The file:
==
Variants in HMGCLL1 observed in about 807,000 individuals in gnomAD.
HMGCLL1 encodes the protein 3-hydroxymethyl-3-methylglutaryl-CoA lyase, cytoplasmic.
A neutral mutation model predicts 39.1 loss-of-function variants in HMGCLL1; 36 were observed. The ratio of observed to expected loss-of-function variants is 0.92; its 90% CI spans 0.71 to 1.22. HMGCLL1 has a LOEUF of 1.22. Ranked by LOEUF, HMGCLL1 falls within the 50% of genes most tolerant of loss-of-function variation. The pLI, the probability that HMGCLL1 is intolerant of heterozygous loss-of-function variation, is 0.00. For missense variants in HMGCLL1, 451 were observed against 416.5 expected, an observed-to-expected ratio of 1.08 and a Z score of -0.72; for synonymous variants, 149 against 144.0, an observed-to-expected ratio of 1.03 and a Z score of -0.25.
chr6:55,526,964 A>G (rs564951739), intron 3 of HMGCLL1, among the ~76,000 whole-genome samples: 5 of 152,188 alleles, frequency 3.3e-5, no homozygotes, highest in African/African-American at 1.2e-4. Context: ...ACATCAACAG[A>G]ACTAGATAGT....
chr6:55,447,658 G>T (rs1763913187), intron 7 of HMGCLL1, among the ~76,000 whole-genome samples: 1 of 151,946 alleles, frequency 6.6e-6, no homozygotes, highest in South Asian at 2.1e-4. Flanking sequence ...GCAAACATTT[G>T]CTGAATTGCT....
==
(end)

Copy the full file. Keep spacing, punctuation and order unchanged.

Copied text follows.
Variants in HMGCLL1 observed in about 807,000 individuals in gnomAD.
HMGCLL1 encodes the protein 3-hydroxymethyl-3-methylglutaryl-CoA lyase, cytoplasmic.
A neutral mutation model predicts 39.1 loss-of-function variants in HMGCLL1; 36 were observed. The ratio of observed to expected loss-of-function variants is 0.92; its 90% CI spans 0.71 to 1.22. HMGCLL1 has a LOEUF of 1.22. Ranked by LOEUF, HMGCLL1 falls within the 50% of genes most tolerant of loss-of-function variation. The pLI, the probability that HMGCLL1 is intolerant of heterozygous loss-of-function variation, is 0.00. For missense variants in HMGCLL1, 451 were observed against 416.5 expected, an observed-to-expected ratio of 1.08 and a Z score of -0.72; for synonymous variants, 149 against 144.0, an observed-to-expected ratio of 1.03 and a Z score of -0.25.
chr6:55,526,964 A>G (rs564951739), intron 3 of HMGCLL1, among the ~76,000 whole-genome samples: 5 of 152,188 alleles, frequency 3.3e-5, no homozygotes, highest in African/African-American at 1.2e-4. Context: ...ACATCAACAG[A>G]ACTAGATAGT....
chr6:55,447,658 G>T (rs1763913187), intron 7 of HMGCLL1, among the ~76,000 whole-genome samples: 1 of 151,946 alleles, frequency 6.6e-6, no homozygotes, highest in South Asian at 2.1e-4. Flanking sequence ...GCAAACATTT[G>T]CTGAATTGCT....